The number of compute machines, which are also known as worker machines, to provision.

A positive integer greater than or equal to 2. The default value is 3.

controlPlane

The configuration for the machines that comprise the control plane.

Array of machine-pool objects. For details, see the following "Machine-pool" table.

controlPlane.architecture

Determines the instruction set architecture of the machines in the pool. Currently, heteregeneous clusters are not supported, so all pools must specify the same architecture. Valid values are amd64 (the default).

String

controlPlane.hyperthreading

Whether to enable or disable simultaneous multithreading, or hyperthreading, on control plane machines. By default, simultaneous multithreading is enabled to increase the performance of your machines' cores.

If you disable simultaneous multithreading, ensure that your capacity planning accounts for the dramatically decreased machine performance.

Enabled or Disabled

controlPlane.name

Required if you use controlPlane. The name of the machine pool.

master

controlPlane.platform

Required if you use controlPlane. Use this parameter to specify the cloud provider that hosts the control plane machines. This parameter value must match the compute.platform parameter value.

aws, azure, gcp, openstack, ovirt, vsphere, or {}

controlPlane.replicas

The number of control plane machines to provision.

A positive integer greater than or equal to 3. The default value is 3.

credentialsMode

The Cloud Credential Operator (CCO) mode. If no mode is specified, the CCO dynamically tries to determine the capabilities of the provided credentials, with a preference for mint mode on the platforms where multiple modes are supported.

Not all CCO modes are supported for all cloud providers. For more information on CCO modes, see the Cloud Credential Operator entry in the Red Hat Operators reference content.

Mint, Passthrough, Manual, or an empty string ("").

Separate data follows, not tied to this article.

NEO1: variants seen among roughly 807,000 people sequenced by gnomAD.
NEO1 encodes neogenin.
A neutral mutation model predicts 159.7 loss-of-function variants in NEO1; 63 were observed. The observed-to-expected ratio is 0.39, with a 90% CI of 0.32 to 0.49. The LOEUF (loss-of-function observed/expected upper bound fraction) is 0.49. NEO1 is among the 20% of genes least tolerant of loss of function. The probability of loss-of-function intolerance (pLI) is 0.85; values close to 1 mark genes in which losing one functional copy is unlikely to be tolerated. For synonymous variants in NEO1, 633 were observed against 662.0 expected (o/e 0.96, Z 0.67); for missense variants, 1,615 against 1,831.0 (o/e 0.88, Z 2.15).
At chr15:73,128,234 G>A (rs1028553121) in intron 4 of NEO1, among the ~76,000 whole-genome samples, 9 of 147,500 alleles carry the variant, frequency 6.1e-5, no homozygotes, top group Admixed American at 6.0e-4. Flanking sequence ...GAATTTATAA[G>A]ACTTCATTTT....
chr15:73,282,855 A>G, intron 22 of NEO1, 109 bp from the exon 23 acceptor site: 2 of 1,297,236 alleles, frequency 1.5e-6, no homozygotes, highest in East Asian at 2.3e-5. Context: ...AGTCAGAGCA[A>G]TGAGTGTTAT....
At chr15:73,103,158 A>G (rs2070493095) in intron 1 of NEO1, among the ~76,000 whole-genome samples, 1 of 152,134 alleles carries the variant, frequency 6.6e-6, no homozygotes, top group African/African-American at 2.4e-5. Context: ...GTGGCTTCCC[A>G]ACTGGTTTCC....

fips

Enable or disable FIPS mode. The default is false (disabled). If FIPS mode is enabled, the Fedora CoreOS (FCOS) machines that OKD runs on bypass the default Kubernetes cryptography suite and use the cryptography modules that are provided with FCOS instead.

false or true

imageContentSources

Sources and repositories for the release-image content.

Array of objects. Includes a source and, optionally, mirrors, as described in the following rows of this table.

imageContentSources.source

Required if you use imageContentSources. Specify the repository that users refer to, for example, in image pull specifications.

String

imageContentSources.mirrors

Specify one or more repositories that may also contain the same images.

Array of strings

networking

The configuration for the Pod network provider in the cluster.

Object

networking.clusterNetwork

The IP address pools for pods. The default is 10.128.0.0/14 with a host prefix of /23.

Array of objects

networking.clusterNetwork.cidr

Required if you use networking.clusterNetwork. The IP block address pool.

IP network. IP networks are represented as strings using Classless Inter-Domain Routing (CIDR) notation with a traditional IP address or network number, followed by the forward slash (/) character, followed by a decimal value between 0 and 32 that describes the number of significant bits. For example, 10.0.0.0/16 represents IP addresses 10.0.0.0 through 10.0.255.255.

networking.clusterNetwork.hostPrefix

Required if you use networking.clusterNetwork. The prefix size to allocate to each node from the CIDR. For example, 24 would allocate 2^8=256 adresses to each node.